Two to three people follow with dry lazure brushes in the same movement pattern. It is crucial for the dry brush team to wipe their brushes frequently with the cotton rags. If the brushes get too wet, they will take paint off the wall rather than move it around the wall. Ideally there is an additional person on the team who can monitor the overall procedure, catch drips and spills and direct wet and dry brush carriers towards areas on the wall that need additional attention.


I came to observe a team of team of five volunteers who were working with Pat on one of the classrooms one morning. Pat directed the group with calm and consistent instructions, making sure everyone was comfortable and confident with their work. She regularly switched jobs around so that everybody had a chance to experience the wet and dry brushing. It took about half a wall for the team to be fully settled and in sync with the task ahead. It was quite amazing to watch how they moved forward wholly tuned into the workflow without getting in one another’s way and collaboratively creating a beautiful wall coating.


Around certain windows and doors Pat switched to a gold colored medium to subtly create the illusion of rays of light coming form these wall openings. Through the rhythmical wet and dry brush strokes, the two colors were blended in a beautiful continuous flow.


For my son’s classroom we worked for two days in a team of four, including my son’s teacher. Pretty soon we had figured out who on our team had a preference for dry or wet brushing. I felt definitely more comfortable with the dry brush and was surprised how vigorous the brushing at times actually has to be in order to move the paint quickly and in generous movements around the wall.

There was also a noticeable difference between the two different wall types we were dealing with, brick and drywall. The brick wall was very porous, and paint medium tended to collect in the pores, whereas the paint moved very smoothly over the drywall but also dried much faster, which kept us all on our toes to keep up with the brushing to avoid flaws. We were all quite proud of the result we achieved with our work.


Parents and children alike were excited to walk into the new classrooms that the teachers had so lovingly put together.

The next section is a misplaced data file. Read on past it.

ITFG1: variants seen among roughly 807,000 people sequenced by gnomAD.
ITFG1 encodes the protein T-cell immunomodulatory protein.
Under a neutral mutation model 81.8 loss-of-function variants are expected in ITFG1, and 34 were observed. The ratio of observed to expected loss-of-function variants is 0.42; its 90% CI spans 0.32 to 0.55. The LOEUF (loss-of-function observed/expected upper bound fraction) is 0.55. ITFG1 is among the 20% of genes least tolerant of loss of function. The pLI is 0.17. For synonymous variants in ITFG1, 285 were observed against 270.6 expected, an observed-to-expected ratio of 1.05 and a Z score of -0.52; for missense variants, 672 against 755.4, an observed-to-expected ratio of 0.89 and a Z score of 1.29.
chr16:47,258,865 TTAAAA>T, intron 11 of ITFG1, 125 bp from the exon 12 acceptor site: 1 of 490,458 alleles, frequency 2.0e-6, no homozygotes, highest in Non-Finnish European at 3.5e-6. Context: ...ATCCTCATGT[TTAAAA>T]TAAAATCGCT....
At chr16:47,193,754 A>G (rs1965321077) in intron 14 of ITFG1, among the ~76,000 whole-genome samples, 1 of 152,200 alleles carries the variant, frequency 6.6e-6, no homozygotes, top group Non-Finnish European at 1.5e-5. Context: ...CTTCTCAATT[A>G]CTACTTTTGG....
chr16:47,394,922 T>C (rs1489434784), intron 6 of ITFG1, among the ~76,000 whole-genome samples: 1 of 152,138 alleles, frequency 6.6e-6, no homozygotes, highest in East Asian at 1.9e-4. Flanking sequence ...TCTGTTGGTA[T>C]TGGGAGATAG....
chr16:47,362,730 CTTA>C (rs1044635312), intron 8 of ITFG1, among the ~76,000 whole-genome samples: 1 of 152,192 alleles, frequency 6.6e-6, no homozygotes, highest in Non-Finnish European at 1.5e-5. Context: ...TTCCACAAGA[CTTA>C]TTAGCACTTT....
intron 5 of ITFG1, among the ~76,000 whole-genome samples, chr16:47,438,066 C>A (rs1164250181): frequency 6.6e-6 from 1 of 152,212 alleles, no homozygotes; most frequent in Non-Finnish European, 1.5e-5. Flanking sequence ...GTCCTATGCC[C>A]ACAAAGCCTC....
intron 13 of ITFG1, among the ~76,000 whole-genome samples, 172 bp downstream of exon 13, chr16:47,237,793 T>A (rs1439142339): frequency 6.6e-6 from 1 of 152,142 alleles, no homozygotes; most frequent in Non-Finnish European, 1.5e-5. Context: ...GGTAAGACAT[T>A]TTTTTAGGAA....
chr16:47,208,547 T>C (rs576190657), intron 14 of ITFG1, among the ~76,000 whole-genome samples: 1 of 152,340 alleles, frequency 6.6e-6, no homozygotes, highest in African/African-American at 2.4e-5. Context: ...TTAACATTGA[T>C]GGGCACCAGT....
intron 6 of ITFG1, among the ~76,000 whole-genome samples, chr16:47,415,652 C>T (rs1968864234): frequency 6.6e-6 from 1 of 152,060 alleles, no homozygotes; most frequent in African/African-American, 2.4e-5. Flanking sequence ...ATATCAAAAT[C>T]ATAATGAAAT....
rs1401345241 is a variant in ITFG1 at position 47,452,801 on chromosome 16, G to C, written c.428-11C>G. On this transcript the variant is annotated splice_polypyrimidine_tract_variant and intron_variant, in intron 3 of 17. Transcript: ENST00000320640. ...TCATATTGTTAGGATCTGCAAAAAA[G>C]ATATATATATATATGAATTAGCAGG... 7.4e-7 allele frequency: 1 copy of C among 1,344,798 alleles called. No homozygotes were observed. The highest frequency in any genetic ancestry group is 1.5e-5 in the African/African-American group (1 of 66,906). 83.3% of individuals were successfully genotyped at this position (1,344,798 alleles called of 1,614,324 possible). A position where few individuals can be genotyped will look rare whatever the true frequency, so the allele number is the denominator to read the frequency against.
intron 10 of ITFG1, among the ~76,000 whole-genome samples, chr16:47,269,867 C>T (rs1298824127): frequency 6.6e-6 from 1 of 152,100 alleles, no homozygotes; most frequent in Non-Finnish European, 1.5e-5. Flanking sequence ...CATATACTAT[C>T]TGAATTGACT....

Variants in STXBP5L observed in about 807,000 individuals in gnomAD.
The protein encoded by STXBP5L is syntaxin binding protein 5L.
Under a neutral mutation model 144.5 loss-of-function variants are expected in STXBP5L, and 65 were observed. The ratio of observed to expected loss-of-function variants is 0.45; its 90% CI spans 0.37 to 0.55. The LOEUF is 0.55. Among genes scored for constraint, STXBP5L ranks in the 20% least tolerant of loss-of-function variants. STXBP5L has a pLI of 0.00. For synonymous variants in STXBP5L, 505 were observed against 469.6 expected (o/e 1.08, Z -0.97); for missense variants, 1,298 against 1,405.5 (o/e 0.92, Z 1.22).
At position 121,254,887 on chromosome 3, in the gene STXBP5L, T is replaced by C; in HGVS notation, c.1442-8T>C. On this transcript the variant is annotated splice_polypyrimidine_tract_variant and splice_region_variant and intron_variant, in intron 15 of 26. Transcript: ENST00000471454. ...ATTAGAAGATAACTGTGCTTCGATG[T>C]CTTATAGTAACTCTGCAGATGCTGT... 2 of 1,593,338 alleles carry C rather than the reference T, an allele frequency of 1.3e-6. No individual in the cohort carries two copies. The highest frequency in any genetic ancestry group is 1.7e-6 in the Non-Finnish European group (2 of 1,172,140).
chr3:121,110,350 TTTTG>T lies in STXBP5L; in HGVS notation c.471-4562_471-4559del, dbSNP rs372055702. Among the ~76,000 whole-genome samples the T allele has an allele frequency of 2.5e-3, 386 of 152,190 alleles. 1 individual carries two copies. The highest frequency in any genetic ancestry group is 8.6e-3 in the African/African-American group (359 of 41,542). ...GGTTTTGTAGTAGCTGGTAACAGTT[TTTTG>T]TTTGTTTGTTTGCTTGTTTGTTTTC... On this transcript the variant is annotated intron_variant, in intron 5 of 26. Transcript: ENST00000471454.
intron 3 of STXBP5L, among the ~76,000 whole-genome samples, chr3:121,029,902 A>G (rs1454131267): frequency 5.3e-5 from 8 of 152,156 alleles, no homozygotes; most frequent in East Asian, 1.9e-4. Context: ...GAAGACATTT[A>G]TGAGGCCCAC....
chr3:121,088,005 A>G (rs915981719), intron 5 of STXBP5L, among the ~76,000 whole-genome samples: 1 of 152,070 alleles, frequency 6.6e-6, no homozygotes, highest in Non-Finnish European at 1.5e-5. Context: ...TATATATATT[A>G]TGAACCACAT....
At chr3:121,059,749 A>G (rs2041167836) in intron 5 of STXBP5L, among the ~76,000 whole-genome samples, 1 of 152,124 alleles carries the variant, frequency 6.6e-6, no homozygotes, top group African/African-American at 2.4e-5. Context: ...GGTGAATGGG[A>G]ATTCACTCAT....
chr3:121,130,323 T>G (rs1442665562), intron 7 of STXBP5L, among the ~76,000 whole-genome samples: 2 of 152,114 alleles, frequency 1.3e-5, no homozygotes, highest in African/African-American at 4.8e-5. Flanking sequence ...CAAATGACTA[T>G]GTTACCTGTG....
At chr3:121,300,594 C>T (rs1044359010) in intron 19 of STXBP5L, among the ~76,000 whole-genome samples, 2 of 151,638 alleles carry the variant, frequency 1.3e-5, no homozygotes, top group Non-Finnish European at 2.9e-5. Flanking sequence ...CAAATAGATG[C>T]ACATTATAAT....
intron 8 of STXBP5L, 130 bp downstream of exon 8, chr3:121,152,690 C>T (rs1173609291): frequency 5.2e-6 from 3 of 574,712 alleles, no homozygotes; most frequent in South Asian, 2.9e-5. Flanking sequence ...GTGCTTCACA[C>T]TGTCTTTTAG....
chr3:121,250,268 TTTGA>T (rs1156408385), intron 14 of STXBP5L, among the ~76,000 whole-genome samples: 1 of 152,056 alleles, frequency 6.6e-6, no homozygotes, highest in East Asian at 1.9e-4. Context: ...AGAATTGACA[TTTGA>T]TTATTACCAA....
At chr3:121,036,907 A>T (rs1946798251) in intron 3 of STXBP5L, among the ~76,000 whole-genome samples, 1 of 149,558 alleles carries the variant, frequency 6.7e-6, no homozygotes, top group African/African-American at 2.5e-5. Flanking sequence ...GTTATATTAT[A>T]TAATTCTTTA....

In my son’s classroom, the snack-time tables are positioned in front of one of the dry walls. While lazure painting this wall, we had worked a streak of gold into it, which looks like a subtle ray of light.  The teachers love this wall so much, that they decided to leave it bare as the backdrop for food and conversation.


It was a very special experience to be part of a lazure team, learning the technique, understanding how much intuition and mindfulness is needed as you and your painting partners together put so much care into preparing the classroom for the children. I hope to try out lazure painting with a team of friends in my own home one day.

small flower

Kay Sidahmed is an alumni parent at Potomac Crescent Waldorf School. She is owner of Oikasa, a holistic interior design consultation service, and managing artistic director of the Del Ray Kinderchoir. Together with partners from DIY Del Ray and the Del Ray Business Association she has initiated Del Ray Aglow, an annual Lantern Walk. This year’s lantern walk will be on Thursday, November 3 at 6:15pm, starting at Ease Yoga and Cafe. There will be a lantern-making workshop on Friday, October 28, 4:30-6:00pm at Bellies & Babies Consignment Boutique. Participants are asked to register ahead of time via Eventbrite and to bring their own glass jar.

Each fall, Potomac Crescent Waldorf School holds a Lantern Walk for its students and a Fall Festival that is open to the public. This year’s Fall Festival will be 10 a.m. to 2 p.m. on Saturday, October 22. For more information on the Fall Festival and other events at Potomac Crescent, visit





About the author

Kay Sidahmed

Copyright © 2015 Mindful Healthy Life. Created by MtoM Consulting.